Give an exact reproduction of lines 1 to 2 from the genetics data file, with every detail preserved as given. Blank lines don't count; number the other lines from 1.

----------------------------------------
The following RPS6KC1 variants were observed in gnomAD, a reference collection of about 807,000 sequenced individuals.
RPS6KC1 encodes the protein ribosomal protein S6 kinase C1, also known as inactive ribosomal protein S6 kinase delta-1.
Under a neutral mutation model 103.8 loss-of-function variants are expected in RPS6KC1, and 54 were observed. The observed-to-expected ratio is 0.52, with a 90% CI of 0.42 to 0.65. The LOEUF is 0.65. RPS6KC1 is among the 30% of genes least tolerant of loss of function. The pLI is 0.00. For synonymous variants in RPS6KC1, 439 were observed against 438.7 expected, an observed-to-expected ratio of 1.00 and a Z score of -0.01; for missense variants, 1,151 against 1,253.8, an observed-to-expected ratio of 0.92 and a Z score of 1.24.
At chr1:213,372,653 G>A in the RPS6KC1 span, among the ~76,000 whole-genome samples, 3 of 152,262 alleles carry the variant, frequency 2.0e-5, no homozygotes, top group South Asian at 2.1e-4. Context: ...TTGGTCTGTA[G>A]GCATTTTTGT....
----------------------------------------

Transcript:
The following RPS6KC1 variants were observed in gnomAD, a reference collection of about 807,000 sequenced individuals.
RPS6KC1 encodes the protein ribosomal protein S6 kinase C1, also known as inactive ribosomal protein S6 kinase delta-1.